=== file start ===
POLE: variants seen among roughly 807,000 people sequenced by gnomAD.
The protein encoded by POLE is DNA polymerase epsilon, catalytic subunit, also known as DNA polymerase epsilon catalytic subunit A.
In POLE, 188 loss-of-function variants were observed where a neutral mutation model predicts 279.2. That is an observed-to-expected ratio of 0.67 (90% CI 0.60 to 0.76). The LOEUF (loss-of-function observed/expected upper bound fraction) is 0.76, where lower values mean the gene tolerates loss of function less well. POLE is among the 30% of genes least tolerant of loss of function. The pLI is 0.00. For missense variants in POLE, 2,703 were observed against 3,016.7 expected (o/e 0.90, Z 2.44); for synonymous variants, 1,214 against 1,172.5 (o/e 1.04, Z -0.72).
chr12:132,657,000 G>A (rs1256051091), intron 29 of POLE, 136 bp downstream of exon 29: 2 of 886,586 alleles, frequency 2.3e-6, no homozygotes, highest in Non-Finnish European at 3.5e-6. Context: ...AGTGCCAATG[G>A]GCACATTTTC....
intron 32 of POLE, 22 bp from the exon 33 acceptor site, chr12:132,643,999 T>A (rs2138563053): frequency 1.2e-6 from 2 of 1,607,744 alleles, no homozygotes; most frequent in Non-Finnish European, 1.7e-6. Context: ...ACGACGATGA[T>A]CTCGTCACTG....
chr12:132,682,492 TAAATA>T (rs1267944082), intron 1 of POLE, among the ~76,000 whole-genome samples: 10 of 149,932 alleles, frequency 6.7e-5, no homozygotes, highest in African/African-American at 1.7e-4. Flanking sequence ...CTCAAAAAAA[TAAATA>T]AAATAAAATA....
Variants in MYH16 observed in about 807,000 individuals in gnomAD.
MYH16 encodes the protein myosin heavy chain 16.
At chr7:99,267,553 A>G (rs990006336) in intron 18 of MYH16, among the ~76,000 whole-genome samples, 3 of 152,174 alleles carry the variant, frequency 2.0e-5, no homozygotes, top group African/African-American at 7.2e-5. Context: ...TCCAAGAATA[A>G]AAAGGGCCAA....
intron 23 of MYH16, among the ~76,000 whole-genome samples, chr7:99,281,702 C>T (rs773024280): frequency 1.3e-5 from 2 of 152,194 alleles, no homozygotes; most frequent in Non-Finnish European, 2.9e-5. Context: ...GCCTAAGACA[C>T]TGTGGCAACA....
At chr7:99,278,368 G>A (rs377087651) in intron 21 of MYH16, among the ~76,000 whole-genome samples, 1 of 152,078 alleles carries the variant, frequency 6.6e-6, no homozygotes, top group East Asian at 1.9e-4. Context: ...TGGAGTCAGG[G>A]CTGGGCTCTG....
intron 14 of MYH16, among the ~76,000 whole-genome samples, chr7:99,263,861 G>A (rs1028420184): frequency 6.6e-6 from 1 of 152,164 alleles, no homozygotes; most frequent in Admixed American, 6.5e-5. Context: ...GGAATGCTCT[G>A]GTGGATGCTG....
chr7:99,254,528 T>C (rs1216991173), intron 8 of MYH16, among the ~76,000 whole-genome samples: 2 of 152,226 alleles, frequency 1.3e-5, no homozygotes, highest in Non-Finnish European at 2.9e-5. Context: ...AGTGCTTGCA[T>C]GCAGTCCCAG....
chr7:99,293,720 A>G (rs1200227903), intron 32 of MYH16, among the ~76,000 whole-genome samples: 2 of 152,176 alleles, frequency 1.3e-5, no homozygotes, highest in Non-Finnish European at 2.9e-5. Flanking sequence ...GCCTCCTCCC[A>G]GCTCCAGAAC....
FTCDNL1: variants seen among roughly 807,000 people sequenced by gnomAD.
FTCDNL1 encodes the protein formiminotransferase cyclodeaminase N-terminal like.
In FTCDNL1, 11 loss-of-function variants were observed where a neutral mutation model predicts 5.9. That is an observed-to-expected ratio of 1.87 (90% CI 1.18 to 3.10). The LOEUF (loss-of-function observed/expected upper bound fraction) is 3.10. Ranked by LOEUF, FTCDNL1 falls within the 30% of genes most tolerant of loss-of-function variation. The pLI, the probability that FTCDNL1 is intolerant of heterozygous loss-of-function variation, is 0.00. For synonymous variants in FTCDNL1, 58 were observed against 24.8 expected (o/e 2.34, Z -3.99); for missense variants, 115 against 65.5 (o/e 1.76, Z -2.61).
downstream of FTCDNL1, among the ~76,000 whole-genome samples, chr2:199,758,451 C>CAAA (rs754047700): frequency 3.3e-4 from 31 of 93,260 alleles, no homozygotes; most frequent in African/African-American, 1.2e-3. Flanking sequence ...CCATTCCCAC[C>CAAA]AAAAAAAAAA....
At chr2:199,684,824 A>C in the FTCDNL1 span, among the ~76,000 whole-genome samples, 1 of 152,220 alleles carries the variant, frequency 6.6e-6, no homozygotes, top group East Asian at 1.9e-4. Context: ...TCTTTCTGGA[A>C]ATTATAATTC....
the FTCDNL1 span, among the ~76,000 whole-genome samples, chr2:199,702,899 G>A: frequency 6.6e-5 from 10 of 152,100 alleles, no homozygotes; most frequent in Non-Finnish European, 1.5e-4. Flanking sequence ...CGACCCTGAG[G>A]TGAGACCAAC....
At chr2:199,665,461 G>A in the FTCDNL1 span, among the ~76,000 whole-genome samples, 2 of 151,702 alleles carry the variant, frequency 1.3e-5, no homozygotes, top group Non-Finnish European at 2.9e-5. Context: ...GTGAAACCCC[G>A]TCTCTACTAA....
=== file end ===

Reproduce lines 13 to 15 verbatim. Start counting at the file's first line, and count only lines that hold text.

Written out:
chr7:99,254,528 T>C (rs1216991173), intron 8 of MYH16, among the ~76,000 whole-genome samples: 2 of 152,226 alleles, frequency 1.3e-5, no homozygotes, highest in Non-Finnish European at 2.9e-5. Context: ...AGTGCTTGCA[T>C]GCAGTCCCAG....
chr7:99,293,720 A>G (rs1200227903), intron 32 of MYH16, among the ~76,000 whole-genome samples: 2 of 152,176 alleles, frequency 1.3e-5, no homozygotes, highest in Non-Finnish European at 2.9e-5. Flanking sequence ...GCCTCCTCCC[A>G]GCTCCAGAAC....
FTCDNL1: variants seen among roughly 807,000 people sequenced by gnomAD.